To someone who has miscarried, people’s genuine attempts of condolences sometimes feel more like thoughtless words: “Well it must have God’s plan,” or “The baby probably had health issues,” or “You will have others,” or “It was only 14 weeks, and it happens too many.” Unsure of how to really process this type of loss, I did what I imagine many women do: I put my grief behind me and went back to my daily routine.

The following year, I became pregnant again, and we went on to have 5 children in 7 years. Our children knew that Mom had lost 1, but there was no discussion beyond that. Being around many conservative moms over the years, and since I’ve entered the Catholic/Christian blogging world, I’ve often been struck when I’ve heard women say, “I have 6 children on this earth, and 2 in heaven.” It never occurred to me to mention the baby I lost.  I could understand how women, who were further along in their pregnancy when they lost their child, would refer to their child, the loss, their grief and even the soul.  I realized that in my mind and heart, I had convinced myself that our lost pregnancy didn’t carry much weight. I had pushed my feelings down, never allowing myself to love or know this child, not allowing this soul to be present.

I believe in God-incidences. Recently at a conference, I was introduced to a woman who shared with me (without prompting) her similar experience of suppressing her feelings following her miscarriages. She told me how she had been transformed, however, on a trip to Medjugorje, Bosnia (the location where 30 years ago the Blessed Mother appeared to 6 children, revealing messages for the world, visions that continue to this day). The woman had the opportunity to go to reconciliation while at Medjugorje, and the priest, without any prior knowledge of her situation, remarkably asked her about the babies she had lost 20 years ago. Like me, she hadn’t embraced the lives of the children she had miscarried, and told the priest she didn’t know their gender. He proceeded to guide her through a prayer of sorts, in which she imagined herself standing before the Blessed Mother and Jesus, who were holding the hands of the children; she saw one was a girl and the other, a boy. The priest told the woman that God plants information like that in our hearts, and to trust that feeling, to name the children, and to remember them. He reassured her that the children love her and are waiting until the day they are reunited with her. She described the great love she felt from the Blessed Mother and Jesus.

As this woman told her story, tears were rolling down my cheeks. She knowingly asked, “Did you lose a child?” “Yes,” I replied. She continued, “Did you name your child?” I said, “I never knew if it was a girl or boy, so no.” In my gut, however, I had always believed the baby was a boy, so on that day I named our son Riley Thomas O’Flaherty.  The woman encouraged me to pick a day as his birthday, and suggested All Souls Day, pointing out that this was one day a year that I could hold that child in my heart, but also in the community of others in the celebration of the Mass.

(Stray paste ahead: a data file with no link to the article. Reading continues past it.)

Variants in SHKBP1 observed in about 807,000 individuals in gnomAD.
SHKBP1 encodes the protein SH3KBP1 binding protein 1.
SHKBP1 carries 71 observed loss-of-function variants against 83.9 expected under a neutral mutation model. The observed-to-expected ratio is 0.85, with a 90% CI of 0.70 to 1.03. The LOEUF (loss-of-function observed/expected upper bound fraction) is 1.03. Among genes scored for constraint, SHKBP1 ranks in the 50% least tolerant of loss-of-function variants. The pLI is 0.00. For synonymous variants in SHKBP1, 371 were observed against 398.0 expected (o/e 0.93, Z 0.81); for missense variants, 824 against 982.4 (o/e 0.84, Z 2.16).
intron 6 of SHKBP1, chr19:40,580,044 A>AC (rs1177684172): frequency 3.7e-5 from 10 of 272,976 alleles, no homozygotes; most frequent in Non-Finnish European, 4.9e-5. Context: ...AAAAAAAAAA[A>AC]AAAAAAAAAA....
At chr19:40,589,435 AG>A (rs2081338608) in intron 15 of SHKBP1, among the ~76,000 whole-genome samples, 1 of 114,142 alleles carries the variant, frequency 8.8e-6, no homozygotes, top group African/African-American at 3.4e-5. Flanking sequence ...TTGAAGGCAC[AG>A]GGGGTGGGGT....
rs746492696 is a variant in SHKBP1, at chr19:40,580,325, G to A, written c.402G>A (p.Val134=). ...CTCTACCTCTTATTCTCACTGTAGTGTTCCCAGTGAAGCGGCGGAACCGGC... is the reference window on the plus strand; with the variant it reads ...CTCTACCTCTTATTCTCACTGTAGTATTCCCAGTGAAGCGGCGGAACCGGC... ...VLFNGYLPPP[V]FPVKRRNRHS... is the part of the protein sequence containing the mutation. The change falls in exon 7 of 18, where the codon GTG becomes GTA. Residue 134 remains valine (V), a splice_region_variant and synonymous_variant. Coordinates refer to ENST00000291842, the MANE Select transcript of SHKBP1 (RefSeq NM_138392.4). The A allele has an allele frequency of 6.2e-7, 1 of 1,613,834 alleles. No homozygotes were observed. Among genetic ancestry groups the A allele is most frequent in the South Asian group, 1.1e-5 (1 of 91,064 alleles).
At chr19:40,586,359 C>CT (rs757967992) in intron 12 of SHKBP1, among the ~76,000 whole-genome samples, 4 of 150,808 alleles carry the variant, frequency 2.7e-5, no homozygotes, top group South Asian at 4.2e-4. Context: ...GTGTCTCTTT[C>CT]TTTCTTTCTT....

Over the next few days, I spent time in prayer and began to imagine this child desiring a relationship with all of us, and in a way, guiding us in our faith and life. I drew comfort in picturing this angel boy riding on the bus with my other children, and as an angel might do, providing them encouragement, comfort or solace on any given day.  My heart is warmed by the image of Riley talking with Jesus about how he wants blessings showered upon my husband, his earthly father, as he strives to launch a start-up business.  How Riley may ask the Blessed Mother to provide me a gentle spirit with my children when I am exhausted at the end of a long day and am feeling so depleted.

This women had also shared with me that through prayer, she has come to feel that God wants all women to know His love—women who have lost a child through miscarriage at week 3, 12 or 40, as well as women who have lost a child through an abortion; that He loves us all, that the children’s souls are at rest, and that the child can be remembered in a special way, regardless of how they are lost.

One morning, weeks after my encounter with this woman, I realized that I, too, felt transformed. The sensation was almost as if our family had expanded by one overnight. What a gift I have been given, to now experience that additional love, both for Riley and from him (even if it’s on a spiritual level and not a physical one). I went back to my other son and thanked him for listening to his inner voice (the Holy Spirit) and for reminding us of this gift we have in heaven. .

We will celebrate Riley’s birthday on All Souls Day each November. Another tradition I’m planning, to help keep his memory alive is to buy an ornament for our Christmas tree with his name on it, which will join those we have for our other children. And just as I’ve come to feel Riley’s presence with us here on earth, I now ask him to be an intercessor in heaven for my prayers.

Are you, or someone you know, in need of healing transformation?

  • Perhaps your parish priest can hold a private Memorial Service for families who have lost children in the womb, to facilitate healing and to honor the eternal lives of the children in heaven.
  • Naming your child and creating a special day of remembrance may be a first step.
  • Rachel’s Vineyard is “a safe place to renew, rebuild and redeem hearts broken by abortion. Weekend retreats offer you a supportive, confidential and non-judgmental environment…to help you experience God’s love and compassion on a profound level.” Retreats are held in both Catholic and nondenominational settings, in 48 states and 57 countries. http://www.rachelsvineyard.org

My hope is that you will share this blog with women or men who may benefit from hearing this story.

This blog is based on the personal experiences and opinions of Peggy O’Flaherty. Any reproduction of the material in this blog may be used with written consent of the author by e-mail at peggy@creatingspaceinyourlife.com.